Here at Diabetes Flashpoints, we’ve discussed bariatric (weight-loss) surgery several times over the years — starting with cases both for and against the surgery, and covering topics such as whether its effects on diabetes are permanent and whether children should have the surgery. Most recently, we discussed the relative merits of gastric bypass and gastric banding operations — a discussion that may take on more urgency in light of a new study on bariatric surgery and bone fractures.
The study, published last month in the journal Medicine, compared two groups of people in Taiwan: those who underwent bariatric surgery (2,064 people), and a group of similarly obese people who didn’t have the surgery (5,027 people). As noted in a Reuters article on the study, members of the surgery group were found to be 21% more likely to break a bone within five years than members of the no-surgery group.
But an important distinction was found within the surgery group, as well. Participants who underwent a “malabsorptive” type of surgery — one that restricts the body’s absorption of nutrients, such as gastric bypass — were even likelier to experience bone fractures. Within a 12-year period, these participants were 47% more likely to have a fracture than members of the no-surgery group. Participants who underwent a type of surgery that simply restricted how much they could eat, such as gastric banding, were no more likely than members of the no-surgery group to develop fractures during this period.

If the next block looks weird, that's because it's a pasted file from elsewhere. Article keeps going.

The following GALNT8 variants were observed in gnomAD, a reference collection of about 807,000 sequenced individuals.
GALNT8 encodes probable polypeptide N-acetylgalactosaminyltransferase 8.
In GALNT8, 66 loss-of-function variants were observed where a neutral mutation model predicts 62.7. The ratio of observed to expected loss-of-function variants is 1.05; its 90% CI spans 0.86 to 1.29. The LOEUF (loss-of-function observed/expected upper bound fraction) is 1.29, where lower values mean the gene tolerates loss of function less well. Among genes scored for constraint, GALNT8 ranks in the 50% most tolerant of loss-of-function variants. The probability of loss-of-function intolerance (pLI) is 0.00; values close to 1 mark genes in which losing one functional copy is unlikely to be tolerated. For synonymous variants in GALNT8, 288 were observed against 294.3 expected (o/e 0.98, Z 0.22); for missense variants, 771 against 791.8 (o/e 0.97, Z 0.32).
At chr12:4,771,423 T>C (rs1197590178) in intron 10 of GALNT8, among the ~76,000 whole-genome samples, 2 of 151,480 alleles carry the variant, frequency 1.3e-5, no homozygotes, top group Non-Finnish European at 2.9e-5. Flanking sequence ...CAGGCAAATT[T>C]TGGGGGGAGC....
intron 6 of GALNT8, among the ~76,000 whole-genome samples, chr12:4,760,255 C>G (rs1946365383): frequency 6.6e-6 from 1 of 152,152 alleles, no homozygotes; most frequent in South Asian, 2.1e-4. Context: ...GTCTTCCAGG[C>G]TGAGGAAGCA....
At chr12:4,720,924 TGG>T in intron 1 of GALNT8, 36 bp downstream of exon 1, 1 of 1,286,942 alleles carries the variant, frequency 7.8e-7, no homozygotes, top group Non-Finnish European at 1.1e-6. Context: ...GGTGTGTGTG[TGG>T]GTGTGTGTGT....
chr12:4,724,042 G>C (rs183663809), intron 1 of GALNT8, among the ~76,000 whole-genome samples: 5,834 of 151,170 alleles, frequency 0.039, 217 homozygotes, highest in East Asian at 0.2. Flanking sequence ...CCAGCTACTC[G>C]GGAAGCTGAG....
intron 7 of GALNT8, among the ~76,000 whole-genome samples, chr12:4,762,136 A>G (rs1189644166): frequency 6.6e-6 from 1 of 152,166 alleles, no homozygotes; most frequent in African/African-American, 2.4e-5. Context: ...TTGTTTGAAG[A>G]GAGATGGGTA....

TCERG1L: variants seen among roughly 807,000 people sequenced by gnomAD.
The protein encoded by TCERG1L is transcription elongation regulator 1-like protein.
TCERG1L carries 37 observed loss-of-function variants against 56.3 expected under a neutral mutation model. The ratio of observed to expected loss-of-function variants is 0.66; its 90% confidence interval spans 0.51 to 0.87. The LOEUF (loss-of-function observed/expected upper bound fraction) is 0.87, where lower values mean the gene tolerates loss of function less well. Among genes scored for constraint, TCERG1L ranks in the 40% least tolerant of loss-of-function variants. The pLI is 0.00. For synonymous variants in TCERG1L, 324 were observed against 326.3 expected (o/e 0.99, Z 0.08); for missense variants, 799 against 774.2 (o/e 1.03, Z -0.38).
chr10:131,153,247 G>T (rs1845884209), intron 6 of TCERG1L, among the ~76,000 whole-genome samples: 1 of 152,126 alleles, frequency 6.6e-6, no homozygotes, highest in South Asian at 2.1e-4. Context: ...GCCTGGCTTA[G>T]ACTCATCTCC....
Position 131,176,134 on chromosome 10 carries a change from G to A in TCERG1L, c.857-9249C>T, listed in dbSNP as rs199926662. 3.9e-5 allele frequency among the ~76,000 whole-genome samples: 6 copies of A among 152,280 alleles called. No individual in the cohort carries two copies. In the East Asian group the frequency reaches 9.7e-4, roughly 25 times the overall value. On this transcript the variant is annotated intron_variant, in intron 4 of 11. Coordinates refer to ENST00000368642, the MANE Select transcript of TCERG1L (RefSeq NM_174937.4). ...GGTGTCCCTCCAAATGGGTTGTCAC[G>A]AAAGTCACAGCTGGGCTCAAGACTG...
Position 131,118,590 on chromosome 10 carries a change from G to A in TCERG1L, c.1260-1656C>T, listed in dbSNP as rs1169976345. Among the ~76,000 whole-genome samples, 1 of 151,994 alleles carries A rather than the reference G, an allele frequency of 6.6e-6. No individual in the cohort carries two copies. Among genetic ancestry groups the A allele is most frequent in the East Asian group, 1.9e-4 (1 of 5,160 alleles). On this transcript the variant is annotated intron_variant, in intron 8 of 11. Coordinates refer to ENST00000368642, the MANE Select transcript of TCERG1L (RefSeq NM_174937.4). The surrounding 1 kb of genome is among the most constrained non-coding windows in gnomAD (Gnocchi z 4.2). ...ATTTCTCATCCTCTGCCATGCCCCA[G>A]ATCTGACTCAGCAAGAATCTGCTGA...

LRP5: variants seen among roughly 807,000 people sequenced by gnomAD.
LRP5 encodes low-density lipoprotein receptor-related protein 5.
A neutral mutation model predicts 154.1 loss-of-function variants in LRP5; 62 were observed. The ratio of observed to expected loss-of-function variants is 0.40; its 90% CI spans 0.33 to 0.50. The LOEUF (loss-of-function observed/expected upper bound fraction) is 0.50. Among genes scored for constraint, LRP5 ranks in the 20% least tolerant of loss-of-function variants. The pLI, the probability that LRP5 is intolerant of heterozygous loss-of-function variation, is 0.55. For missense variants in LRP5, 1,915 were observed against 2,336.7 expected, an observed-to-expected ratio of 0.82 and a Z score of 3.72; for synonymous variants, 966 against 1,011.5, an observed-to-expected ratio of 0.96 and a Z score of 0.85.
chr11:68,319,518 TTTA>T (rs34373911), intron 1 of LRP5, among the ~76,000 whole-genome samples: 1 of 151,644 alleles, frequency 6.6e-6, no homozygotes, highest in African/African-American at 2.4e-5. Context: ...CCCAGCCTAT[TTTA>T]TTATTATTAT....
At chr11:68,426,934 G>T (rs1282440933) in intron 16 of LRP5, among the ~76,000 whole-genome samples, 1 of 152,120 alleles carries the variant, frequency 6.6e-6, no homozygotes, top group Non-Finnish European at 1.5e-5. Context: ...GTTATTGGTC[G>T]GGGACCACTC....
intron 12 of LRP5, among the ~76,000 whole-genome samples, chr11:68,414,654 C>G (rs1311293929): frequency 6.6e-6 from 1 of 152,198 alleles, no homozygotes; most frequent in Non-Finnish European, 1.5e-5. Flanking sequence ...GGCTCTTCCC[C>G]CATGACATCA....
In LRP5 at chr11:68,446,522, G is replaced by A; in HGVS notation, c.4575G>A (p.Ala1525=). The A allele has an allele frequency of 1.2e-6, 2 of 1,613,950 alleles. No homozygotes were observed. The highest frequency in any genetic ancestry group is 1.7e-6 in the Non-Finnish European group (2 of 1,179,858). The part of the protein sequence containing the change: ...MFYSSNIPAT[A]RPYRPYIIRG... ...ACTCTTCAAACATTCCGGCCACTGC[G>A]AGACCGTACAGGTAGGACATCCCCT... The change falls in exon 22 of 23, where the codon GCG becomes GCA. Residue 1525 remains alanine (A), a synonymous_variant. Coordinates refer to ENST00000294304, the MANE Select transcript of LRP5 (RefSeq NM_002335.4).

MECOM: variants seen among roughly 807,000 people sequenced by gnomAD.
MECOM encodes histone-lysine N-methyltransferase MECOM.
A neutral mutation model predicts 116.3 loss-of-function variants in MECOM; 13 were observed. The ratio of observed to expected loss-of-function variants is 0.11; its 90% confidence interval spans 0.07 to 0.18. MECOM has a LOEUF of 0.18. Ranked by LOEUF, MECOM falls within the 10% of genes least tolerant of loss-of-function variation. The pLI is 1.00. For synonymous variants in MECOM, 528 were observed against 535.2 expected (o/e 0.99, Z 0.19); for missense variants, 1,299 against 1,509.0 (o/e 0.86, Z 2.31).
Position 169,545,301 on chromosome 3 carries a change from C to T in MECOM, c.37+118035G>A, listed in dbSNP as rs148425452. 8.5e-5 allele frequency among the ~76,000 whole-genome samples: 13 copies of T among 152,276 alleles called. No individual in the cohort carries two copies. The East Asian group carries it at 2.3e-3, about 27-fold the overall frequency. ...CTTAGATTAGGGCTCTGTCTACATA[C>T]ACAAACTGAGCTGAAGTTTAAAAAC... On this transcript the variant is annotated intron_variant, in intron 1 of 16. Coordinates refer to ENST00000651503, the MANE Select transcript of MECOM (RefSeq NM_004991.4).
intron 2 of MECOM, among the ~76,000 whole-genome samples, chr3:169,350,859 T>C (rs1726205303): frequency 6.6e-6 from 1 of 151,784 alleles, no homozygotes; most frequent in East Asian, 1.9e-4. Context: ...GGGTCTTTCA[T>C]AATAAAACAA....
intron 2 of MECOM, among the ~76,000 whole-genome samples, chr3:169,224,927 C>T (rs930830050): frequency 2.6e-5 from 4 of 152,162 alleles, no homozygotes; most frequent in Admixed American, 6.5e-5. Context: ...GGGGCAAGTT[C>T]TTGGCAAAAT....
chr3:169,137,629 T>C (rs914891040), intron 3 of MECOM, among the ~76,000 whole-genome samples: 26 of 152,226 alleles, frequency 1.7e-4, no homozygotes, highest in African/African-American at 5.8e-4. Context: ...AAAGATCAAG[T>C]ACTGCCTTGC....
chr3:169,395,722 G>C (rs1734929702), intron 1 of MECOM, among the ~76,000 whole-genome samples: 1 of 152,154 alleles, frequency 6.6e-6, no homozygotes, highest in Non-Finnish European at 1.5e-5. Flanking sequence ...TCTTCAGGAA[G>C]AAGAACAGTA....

Based on this study alone, it might seem like gastric banding is the better option. But gastric banding hasn’t been shown to be as effective as gastric bypass at causing weight loss, or at causing resolution of diabetes symptoms. And according to at least one study, gastric banding resulted in more complications during a six-year follow-up period: A failure rate (meaning weight was regained, or the procedure was reversed) of 48.3% versus 12.3%, and a long-term complication rate of 41.6% versus 19%. Complications of gastric banding may include slipping or erosion of the band, resulting in the need for another surgery to remove or replace the device.
What’s your take on gastric bypass versus gastric banding — would you rather have a procedure that’s reversible and less invasive, even if it’s less effective and more prone to certain complications? Is a higher risk of bone fractures a decent price to pay for significant weight loss, and possible resolution of diabetes symptoms? If you’ve had either type of surgery, do you ever wish you’d had the other instead? Leave a comment below!